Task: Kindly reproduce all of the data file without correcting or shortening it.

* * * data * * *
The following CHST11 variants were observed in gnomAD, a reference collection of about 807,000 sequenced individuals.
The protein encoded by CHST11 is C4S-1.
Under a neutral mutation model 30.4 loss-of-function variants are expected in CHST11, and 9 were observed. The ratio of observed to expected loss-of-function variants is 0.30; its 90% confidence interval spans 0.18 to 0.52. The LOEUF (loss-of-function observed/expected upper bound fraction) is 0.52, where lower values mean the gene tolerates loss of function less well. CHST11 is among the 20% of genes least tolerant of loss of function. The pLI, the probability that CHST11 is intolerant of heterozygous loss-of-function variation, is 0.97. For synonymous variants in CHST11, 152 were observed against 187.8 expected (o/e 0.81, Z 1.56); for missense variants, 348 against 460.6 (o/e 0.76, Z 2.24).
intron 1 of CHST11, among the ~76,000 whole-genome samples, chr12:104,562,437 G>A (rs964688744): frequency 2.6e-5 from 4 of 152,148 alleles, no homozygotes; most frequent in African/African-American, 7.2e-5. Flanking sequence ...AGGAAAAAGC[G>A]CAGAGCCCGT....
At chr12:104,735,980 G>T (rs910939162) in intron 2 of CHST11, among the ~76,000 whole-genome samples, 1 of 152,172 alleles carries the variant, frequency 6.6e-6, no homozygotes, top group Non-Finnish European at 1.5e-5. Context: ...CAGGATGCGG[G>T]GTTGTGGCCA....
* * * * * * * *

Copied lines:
The following CHST11 variants were observed in gnomAD, a reference collection of about 807,000 sequenced individuals.
The protein encoded by CHST11 is C4S-1.
Under a neutral mutation model 30.4 loss-of-function variants are expected in CHST11, and 9 were observed. The ratio of observed to expected loss-of-function variants is 0.30; its 90% confidence interval spans 0.18 to 0.52. The LOEUF (loss-of-function observed/expected upper bound fraction) is 0.52, where lower values mean the gene tolerates loss of function less well. CHST11 is among the 20% of genes least tolerant of loss of function. The pLI, the probability that CHST11 is intolerant of heterozygous loss-of-function variation, is 0.97. For synonymous variants in CHST11, 152 were observed against 187.8 expected (o/e 0.81, Z 1.56); for missense variants, 348 against 460.6 (o/e 0.76, Z 2.24).
intron 1 of CHST11, among the ~76,000 whole-genome samples, chr12:104,562,437 G>A (rs964688744): frequency 2.6e-5 from 4 of 152,148 alleles, no homozygotes; most frequent in African/African-American, 7.2e-5. Flanking sequence ...AGGAAAAAGC[G>A]CAGAGCCCGT....
At chr12:104,735,980 G>T (rs910939162) in intron 2 of CHST11, among the ~76,000 whole-genome samples, 1 of 152,172 alleles carries the variant, frequency 6.6e-6, no homozygotes, top group Non-Finnish European at 1.5e-5. Context: ...CAGGATGCGG[G>T]GTTGTGGCCA....